Editorial: Value Catholic education, protect for future generations

By Laura Hancq
February 1, 2012

Students from St. Hubert Catholic High School for Girls rally on the morning of Monday, Jan. 9. (credit: Submitted by Tony Durso)

Many of us Cabrini students may take our faith-based education for granted. For some, it may not really matter that we are a Catholic community and the religious studies requirement is just another class. For others, the Catholic values could have been a deciding factor in attending or could have completely changed the course of their college career. We were all given that choice. Whether you choose to acknowledge the religious aspect of a school or not, having the option to select a Catholic education is special and can be life-changing. If they want it, families should continue to have that choice, at every level of education, from grade school to college. As Catholic school students, we feel a very special connection to those in the Philadelphia archdiocesan schools who are facing the closure of their schools and support the efforts to help the schools stay open.

Growing up is not easy. Between trying to find yourself and finding people and activities you mesh with, while trying to do well in school and worrying about your future, it can be a whirlwind. We have all been there. But then imagine having succeeded in all of those things, to have it taken away from you and being told to start again. Or imagine being about to graduate from a school that will no longer exist come summer. No place to visit with friends to say hello to former teachers, or to go back for a sporting event. No possibility of sending your children there someday. No matter how you look at it, it’s sad.

It’s no secret that Catholic school attendance is at an all-time low. According to an article written by David O’Reilly for the Philadelphia Inquirer, just nine percent of high school-aged Catholics attend a Catholic high school. With hard economic times, many parents think that money should be saved for college education instead of high school tuition. It is also becoming very rare for young people to become a priest or a sister, making Catholic education seem less relevant for many.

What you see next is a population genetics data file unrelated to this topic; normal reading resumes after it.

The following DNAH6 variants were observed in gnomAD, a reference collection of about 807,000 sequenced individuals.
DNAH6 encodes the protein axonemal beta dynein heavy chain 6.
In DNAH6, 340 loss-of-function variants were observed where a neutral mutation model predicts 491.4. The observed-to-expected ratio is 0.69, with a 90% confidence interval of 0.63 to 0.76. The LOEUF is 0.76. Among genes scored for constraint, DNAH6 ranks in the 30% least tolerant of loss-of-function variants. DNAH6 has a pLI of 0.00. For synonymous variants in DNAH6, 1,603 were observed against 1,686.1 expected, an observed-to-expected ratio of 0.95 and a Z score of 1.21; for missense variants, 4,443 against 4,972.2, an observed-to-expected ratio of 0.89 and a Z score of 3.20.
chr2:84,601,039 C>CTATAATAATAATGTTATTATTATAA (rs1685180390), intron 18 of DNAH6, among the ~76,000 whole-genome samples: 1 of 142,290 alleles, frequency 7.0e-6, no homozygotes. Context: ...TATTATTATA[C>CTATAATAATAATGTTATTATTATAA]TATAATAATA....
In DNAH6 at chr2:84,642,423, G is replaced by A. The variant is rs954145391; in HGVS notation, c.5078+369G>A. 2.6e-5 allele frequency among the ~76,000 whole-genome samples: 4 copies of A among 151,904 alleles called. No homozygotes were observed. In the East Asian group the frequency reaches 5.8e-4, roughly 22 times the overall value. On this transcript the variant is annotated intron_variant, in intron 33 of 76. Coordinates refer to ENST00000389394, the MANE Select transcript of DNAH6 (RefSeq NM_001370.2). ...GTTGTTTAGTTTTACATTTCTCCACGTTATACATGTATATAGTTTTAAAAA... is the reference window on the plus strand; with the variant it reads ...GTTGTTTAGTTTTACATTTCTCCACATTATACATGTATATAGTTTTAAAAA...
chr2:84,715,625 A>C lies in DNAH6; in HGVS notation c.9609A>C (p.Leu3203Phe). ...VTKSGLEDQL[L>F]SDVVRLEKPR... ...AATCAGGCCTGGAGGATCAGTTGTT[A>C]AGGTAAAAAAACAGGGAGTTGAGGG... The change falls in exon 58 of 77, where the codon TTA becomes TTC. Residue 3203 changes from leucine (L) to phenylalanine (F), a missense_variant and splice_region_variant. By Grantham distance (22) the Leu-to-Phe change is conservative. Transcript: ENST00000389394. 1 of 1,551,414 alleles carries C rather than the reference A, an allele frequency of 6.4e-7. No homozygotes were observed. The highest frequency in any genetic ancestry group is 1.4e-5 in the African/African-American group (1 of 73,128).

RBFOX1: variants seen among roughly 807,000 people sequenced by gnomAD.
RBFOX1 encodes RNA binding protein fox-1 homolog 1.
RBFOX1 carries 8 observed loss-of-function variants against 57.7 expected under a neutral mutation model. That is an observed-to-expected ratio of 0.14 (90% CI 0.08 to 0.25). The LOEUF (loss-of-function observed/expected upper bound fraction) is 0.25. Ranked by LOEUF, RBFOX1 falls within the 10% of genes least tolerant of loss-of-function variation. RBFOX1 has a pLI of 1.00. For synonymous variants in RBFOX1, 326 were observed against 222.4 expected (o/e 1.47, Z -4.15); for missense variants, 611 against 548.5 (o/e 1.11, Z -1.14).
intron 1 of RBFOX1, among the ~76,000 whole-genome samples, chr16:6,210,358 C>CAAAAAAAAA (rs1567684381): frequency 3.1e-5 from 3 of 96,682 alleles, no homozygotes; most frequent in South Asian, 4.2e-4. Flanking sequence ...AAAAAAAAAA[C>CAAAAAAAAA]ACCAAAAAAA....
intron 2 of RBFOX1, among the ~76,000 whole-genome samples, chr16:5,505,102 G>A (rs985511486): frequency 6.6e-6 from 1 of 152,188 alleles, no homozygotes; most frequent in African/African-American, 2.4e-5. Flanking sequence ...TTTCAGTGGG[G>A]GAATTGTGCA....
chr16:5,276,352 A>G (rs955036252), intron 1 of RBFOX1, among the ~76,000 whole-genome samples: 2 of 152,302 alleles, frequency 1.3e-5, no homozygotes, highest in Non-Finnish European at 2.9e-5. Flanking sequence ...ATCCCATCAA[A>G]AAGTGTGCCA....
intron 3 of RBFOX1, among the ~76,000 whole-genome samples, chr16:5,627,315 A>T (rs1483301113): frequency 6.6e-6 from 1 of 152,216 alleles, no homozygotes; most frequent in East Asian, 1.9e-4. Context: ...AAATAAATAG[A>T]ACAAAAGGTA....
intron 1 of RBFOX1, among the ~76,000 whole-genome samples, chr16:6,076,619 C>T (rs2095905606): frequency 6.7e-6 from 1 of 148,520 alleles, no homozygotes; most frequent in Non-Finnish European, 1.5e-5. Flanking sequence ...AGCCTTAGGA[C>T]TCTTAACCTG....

To those of us of Catholic upbringing on The Loquitur editorial staff, we see a need for a balance in the Church between honoring tradition and directing efforts toward the younger members. With the closing of schools by the Archdiocese, we feel they are sending the wrong message; that it is okay to continue to grow apart from your faith.

Since a lot of families do not attend Mass on Sunday, the closing of the Catholic schools could be alienating an entire generation and generations to come. Catholic schools, especially high schools, make faith relevant for the young. It is a safe place to be proud of your religion, which is pretty rare to find these days.

Obviously youth groups and CYO leagues are also designed to entice children. But in this day of technology and limited patience, the Church would do well to try and find more efforts to appeal to young people. Non-denominational Christian churches have really succeeded in this type of effort through modern attempts. Despite arguably even more traditional and conservative views, more young people seem to actively participate through their own accord. Whether it’s through the use of technology, more contemporary music or the promotion of the fellowship and activities, Christians seem to do really well in retaining the young. It is essential that the Catholic Church start to see the impending problem on their hands because if not, what will happen?

Maybe you are reading this and wondering why college students care so much about grade schools and high schools. Some of us had previous Catholic education and some of us have not. Regardless, we all do now. We value our community and want to see it continue to prosper and grow. If Catholic high school is cut out, what will that do to Catholic colleges like our very own Cabrini, which draws a lot of attendance from area Catholic schools? Hopefully we will not have to find out.  If you would like to support the effort to help a particular school stay open, please visit their website for more information on how to sign their petition or donate to the cause.

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Laura Hancq

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